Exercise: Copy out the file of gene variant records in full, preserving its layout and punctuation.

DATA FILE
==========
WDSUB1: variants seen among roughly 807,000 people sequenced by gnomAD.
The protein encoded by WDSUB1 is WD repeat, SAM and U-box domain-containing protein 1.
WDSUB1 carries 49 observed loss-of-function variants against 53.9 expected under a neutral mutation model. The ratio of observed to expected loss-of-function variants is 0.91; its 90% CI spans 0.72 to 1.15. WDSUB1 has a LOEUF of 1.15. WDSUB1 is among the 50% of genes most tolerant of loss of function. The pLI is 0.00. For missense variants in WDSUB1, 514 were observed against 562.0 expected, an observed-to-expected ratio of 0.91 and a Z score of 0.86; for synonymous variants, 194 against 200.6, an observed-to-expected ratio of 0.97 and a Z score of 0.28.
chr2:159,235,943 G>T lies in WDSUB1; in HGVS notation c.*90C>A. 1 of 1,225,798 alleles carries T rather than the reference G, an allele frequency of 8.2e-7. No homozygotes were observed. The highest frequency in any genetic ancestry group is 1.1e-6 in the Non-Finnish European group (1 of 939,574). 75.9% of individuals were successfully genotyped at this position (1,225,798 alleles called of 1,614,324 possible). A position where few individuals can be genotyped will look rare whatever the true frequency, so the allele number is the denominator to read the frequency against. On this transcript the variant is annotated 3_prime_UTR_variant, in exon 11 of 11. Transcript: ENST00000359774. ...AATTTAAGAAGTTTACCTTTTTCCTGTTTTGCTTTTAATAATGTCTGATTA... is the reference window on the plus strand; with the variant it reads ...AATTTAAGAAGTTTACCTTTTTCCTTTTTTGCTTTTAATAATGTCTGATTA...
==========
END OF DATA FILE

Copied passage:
WDSUB1: variants seen among roughly 807,000 people sequenced by gnomAD.
The protein encoded by WDSUB1 is WD repeat, SAM and U-box domain-containing protein 1.
WDSUB1 carries 49 observed loss-of-function variants against 53.9 expected under a neutral mutation model. The ratio of observed to expected loss-of-function variants is 0.91; its 90% CI spans 0.72 to 1.15. WDSUB1 has a LOEUF of 1.15. WDSUB1 is among the 50% of genes most tolerant of loss of function. The pLI is 0.00. For missense variants in WDSUB1, 514 were observed against 562.0 expected, an observed-to-expected ratio of 0.91 and a Z score of 0.86; for synonymous variants, 194 against 200.6, an observed-to-expected ratio of 0.97 and a Z score of 0.28.
chr2:159,235,943 G>T lies in WDSUB1; in HGVS notation c.*90C>A. 1 of 1,225,798 alleles carries T rather than the reference G, an allele frequency of 8.2e-7. No homozygotes were observed. The highest frequency in any genetic ancestry group is 1.1e-6 in the Non-Finnish European group (1 of 939,574). 75.9% of individuals were successfully genotyped at this position (1,225,798 alleles called of 1,614,324 possible). A position where few individuals can be genotyped will look rare whatever the true frequency, so the allele number is the denominator to read the frequency against. On this transcript the variant is annotated 3_prime_UTR_variant, in exon 11 of 11. Transcript: ENST00000359774. ...AATTTAAGAAGTTTACCTTTTTCCTGTTTTGCTTTTAATAATGTCTGATTA... is the reference window on the plus strand; with the variant it reads ...AATTTAAGAAGTTTACCTTTTTCCTTTTTTGCTTTTAATAATGTCTGATTA...